When Muavaefa`atasi was finally given
the opportunity to speak, he attempted to refocus the dialogue. However, he was repeatedly interrupted by
Representative Atualevao Gafatasi Afalava (“Afalava”). Muavaefa`atasi had to request the chairman to
direct Afalava to allow him to continue. Even after the chairman had sided with
Muavaefa`atasi`s procedural position and had given the latter leave to continue
with his statement, Afalava was not to be quieted; he continued to interrupt
Muavaefa`atasi. Whereupon, the chairman,
perhaps in exasperation, ruled: “Afioga Afalava o le a fa`auma. Muavae, fail sau saunoaga rnulimuli o le a
fauma le tatou iloiloga (Honorable Afalava it is going to be closed. Muavae, make your final remarks as our
hearing is going to be closed.)”
Muavaefa`atasi then abruptly concluded his presentation but not without
suggesting to the chairman, “ae sili ona fa`atonu au ta`ifau ia, vae ane le
marnalu Ole Maota, e sill ona salapu le gutu (it would be best if you
instruct your pets or dogs, with due respect to the dignity of this meeting
place, that they should shut their mouths).”
The audio record then reveals an ensuing heated dialogue between Afalava
Afalava: Ua tele le le mafaufau o oe. (You have been very disrespectful.)
Muavae: Leaga . . . nuu o matou. Ua te-le lau tala na fai ile matou nu`u. (Because . . . it is our village. You have made derogatory statements about our
Afalava: Tautala lou gutu, ae te pala`ai. Ua e
iloa. Tautala lou gutu ae te
pala`ai. (Your mouth speaks, but you are
cowardly. You know. Your mouth speaks,
but you are cowardly.)
Muavae: E te tautala e a? (Why do you speak at all?)
Following an audible suggestion from
somebody that the two ought to take themselves outside, there followed a
clamorous and rowdy exchange, which is largely indecipherable. Muavaefa`atasi had to be restrained. Eventually, he left the House floor and went
to his office.
After calm had been restored and after
the chair had excused and apologized to the witnesses, the committee continued
with their meeting and discussed, at the request of Afalava, what had just
transpired. The committee decided to
report the incident at the next regular session of the House, which was
scheduled for 10:00am that very same morning, along with the recommendation
that Muavaefa`atasi be punished.
At the regular session, the committee
chairman made an oral committee report to the
House with the recommendation, “[e] [t]atau ona fa`amalolo sina tasi pe lua
vaiaso ([that Muavaefa`atasi] should be suspended for a week or two.” The report sparked a debate as to what sort
of discipline should be meted out: the possibilities ranged from forgiveness to
suspension. The Speaker of the House,
Matagi Ray McMoore (“Matagi”), referred the matter to the House Standing
Committee on Rules and Procedures to be taken up the next
Monday, February 10, 2003.
Two things are particularly significant
about the Friday session. First,
Muavaefa`atasi himself was not present.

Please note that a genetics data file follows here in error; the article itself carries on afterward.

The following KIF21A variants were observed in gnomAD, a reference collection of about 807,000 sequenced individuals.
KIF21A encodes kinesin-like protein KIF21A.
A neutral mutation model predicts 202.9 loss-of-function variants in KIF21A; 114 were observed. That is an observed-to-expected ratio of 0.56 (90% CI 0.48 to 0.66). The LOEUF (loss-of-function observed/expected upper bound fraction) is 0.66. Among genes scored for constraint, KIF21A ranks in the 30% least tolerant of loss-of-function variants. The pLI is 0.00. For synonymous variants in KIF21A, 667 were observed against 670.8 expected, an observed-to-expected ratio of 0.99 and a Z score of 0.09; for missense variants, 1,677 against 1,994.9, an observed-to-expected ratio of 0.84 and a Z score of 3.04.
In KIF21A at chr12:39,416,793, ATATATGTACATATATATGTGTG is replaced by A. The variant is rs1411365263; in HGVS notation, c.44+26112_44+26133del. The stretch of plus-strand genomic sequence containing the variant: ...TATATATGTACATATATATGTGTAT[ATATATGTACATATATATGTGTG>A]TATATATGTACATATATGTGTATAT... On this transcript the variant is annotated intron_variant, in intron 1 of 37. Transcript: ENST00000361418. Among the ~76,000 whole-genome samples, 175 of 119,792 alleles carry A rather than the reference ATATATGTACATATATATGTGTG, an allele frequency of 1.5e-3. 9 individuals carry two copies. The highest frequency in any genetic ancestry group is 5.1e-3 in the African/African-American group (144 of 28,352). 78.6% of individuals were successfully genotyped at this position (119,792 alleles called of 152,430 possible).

After the committee meeting, Muavaefa`atasi took some additional time to
collect himself and he did not go to the regular session until the debate
regarding his punishment had ended.
Thus, Muavaefa`atasi did not have actual notice of the scheduled Rules
Committee meeting for Monday. Second,
there was never a debate as to whether Muavaefa`atasi had actually violated any
rule or law or whether he was generally disorderly. Instead, misconduct was presumed and the
discussion simply focused on the extent of the punishment.
That Monday, the Rules Committee met
“of the Whole” to discuss Muavaefa`atasi’s fate. Muavaefa`atasi was not in attendance, as he
was, according to his testimony, feeling ill that day–though it is not clear
that he even knew the meeting was taking place.
At the hearing, the representatives in attendance discussed the
incident. The committee voted
unanimously in favor of discipline. At
that point, the debate turned to whether the punishment should be expulsion or
merely suspension. The record of the
proceedings revealed that after an inquiry as to applicable law and after the
chairman, Vice Speaker Savali Talavou Ale, had advised that expulsion required
a two-third’s majority, whereas the law was silent on suspension (fa`amalolo),
Afalava moved as follows:
Ua le manino i afioga i ali`i
faipule. O lo`u manatu lea sa avatu pei
ona e maua mai, amata atu nei fa`ato`ā toe fo`i mai le afioga i le ali`i
faipule pe a toe a`e le Fono ia Iulai.
Leai se totogi, prohibit, `aua ne`i toe sau i totonu o le compound e le
fa`aaoga foi le ofisa. `Aua ne`i toe sau
i totonu o le ofisa. O le condition lea
o la`u lafo lea oute avatu. Fa`afetai. (It is not
clear to the honorable representatives.
My opinion previously presented is that it should start now and the
honorable representative can return when the Fono reconvenes in July. No pay, prohibit, nor may he enter into the
compound to use the office. He may not
come to the office. These are the
conditions of my motion I am presenting.
While Muavaefa`atasi garnered some
support in the form of pleas for leniency, a majority of the committee
eventually voted, nine to two, to adopt Afalava’s motion for suspension until
the July session, including forfeiture of pay, allowances, access to his office
and House grounds.
Later that morning, the House convened
a regular session and took up the disciplinary matter. A quorum was present. By motion, the Rules Committee chairman